- Le Catel de Rozel
- Le Catel Farm
- Le Catel House
Rue des Cotes du Nord, Trinity 
Type of property
18th century farmhouse with mainly 19th century outhouses.  It has features, including a well, dating to the middle of the 18th century. Datestones show that the property can be traced back at least another century, whilst history establishes a much earlier origin. Unfortunately, with the building of the present farmhouse and outbuildings, all trace of the former house has been lost barring, perhaps, some interior walls.
According to one database of house sales, this property sold for £1,575,000 in 2010. However, a second reference correctly relates this sale to the nearby Le Catel in Rue du Catel.
Families associated with the property
- 19 PGDG ♥♥ MMC 16 - For Philippe George de Gruchy, great-grandson of the Philippe shown below, and Muriel Mary Cabot
- JDG SCB 1755 - For Jean de Gruchy and Susanne Cabot
On the site of the present early 19th century house, previously stood the home of Matthieu (Macy) Le Riche (c.1400- ). Surviving contracts and early court records have enabled the owners of this property, from ancient times, to be known. Matthieu Le Riche had a son, Nicolas, who was succeeded by his son and grandson, both named Regnauld Le Riche. The latter married Perronelle de Gruchy and had issue an eldest son, Jean Le Riche (c.1500- ), husband of Collette Chevalier, daughter of Thomas. From Collette, through a purchase, by way of `partage,` from Jean Malzard, in right of his wife Marguerite Chevalier, eldest sister of Collette, is based the Le Riche`s claim to the St Helier Fief Hocquin, for which they paid the Crown annually 10 sous, a charge paid by their descendants Le Riche and de Gruchy into the 20th century.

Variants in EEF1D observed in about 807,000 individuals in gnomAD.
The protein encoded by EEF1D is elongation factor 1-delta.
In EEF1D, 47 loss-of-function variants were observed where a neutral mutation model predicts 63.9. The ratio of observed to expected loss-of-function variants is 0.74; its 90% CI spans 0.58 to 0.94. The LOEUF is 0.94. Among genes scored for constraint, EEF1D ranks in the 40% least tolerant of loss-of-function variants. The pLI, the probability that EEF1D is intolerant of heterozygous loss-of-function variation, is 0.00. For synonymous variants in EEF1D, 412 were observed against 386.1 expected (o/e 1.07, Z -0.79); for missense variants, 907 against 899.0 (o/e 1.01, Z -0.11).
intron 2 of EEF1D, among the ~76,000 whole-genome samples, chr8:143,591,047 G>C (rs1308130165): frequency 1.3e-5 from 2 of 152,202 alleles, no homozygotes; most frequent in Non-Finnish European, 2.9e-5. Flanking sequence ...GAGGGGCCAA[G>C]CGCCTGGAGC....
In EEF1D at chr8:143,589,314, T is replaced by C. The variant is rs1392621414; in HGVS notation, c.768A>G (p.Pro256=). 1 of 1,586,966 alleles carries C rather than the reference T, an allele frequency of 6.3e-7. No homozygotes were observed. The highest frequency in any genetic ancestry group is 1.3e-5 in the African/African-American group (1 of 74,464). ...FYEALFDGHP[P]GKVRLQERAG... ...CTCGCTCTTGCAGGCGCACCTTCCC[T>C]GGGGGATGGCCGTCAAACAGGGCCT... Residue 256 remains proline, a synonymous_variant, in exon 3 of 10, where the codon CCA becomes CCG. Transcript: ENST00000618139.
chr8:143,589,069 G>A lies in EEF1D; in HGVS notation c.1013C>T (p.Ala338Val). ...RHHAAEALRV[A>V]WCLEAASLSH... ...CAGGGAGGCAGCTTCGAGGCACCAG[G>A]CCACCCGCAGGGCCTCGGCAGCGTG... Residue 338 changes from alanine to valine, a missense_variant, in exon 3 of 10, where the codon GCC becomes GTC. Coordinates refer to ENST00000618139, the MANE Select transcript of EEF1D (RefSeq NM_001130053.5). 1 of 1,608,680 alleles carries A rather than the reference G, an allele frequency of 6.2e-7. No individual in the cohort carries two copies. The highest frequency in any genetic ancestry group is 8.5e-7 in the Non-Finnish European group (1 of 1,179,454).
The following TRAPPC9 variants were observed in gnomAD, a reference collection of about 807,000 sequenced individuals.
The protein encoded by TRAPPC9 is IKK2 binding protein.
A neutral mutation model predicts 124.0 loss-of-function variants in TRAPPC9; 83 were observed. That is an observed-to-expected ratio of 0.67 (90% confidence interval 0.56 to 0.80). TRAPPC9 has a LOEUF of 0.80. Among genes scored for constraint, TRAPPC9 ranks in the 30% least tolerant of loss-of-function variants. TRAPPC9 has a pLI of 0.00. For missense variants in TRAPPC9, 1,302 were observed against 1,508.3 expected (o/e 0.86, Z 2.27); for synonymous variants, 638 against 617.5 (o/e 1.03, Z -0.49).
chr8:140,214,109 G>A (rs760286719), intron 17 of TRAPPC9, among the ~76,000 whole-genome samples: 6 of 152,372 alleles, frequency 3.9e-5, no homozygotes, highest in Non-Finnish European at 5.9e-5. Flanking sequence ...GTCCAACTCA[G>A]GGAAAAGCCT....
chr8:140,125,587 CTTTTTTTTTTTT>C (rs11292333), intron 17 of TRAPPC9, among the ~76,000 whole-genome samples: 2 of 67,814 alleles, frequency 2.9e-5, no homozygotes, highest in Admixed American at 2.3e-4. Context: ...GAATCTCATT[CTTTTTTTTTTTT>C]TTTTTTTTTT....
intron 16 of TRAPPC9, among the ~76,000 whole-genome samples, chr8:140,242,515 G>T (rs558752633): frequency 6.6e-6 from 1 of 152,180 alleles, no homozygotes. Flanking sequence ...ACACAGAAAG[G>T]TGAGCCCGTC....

Jean Le Riche and Collette, his wife had issue, amongst others, an eldest son named Vincent, whose `ainé` was Jean Le Riche, husband of Marguerite du Feu, daughter of Lucas (see note 1, of his tree). Their son Thomas, who also owned this, the paternal property of Le Catel de Rozel, had issue by Sara Blampied, his wife, Regnauld (Renaud) Le Riche, father of Jean. The latter, of Le Catel, married Appoline du Fresne and had issue an eldest daughter and heiress, who married Elie de Gruchy of the property, until recently, called Brookvale, in Trinity.
Elie de Gruchy and his wife farmed her family`s former land at Le Catel, much of it lying behind the once-named "Roman Wall" which was, in fact, an Iron Age fort and encampment that gave its name to the area. Their son, Jean de Gruchy, married Susanne Cabot of Trinity and, inheriting the property, left engraved at the back of the house their initials and date: "JDG.SCB.1755". Their grandson, Jean de Gruchy, was perhaps the Jean (being the third of three, in direct succession) who gave his name, Le Havre Jean de Gruchy, to the picturesque little cove and anchorage below Beauvallet, which can be reached by crossing one of the family`s fields and walking down a track. Having inherited from his father at an early age, Jean sold the property in 1797 to his brother, Philippe.
Jean de Gruchy`s youngest brother, Elie de Gruchy (1783-1852), settled in St Helier. He was a Master Mariner and privateer commander, co-owning the privateer brig Hope, in 1809 and 1810, which he commanded. He became a shipowner, co-owning in 1822, the schooner Hazard and in 1824 owning the cutter Horatio. For many years, he owned the Guernsey Lily, which gave him his house-flag, when he became also a merchant, of a Guernsey Lily upon a red pennant: Jersey and Guernsey Almanac (1827). His merchant business was conducted from 19, Broad Street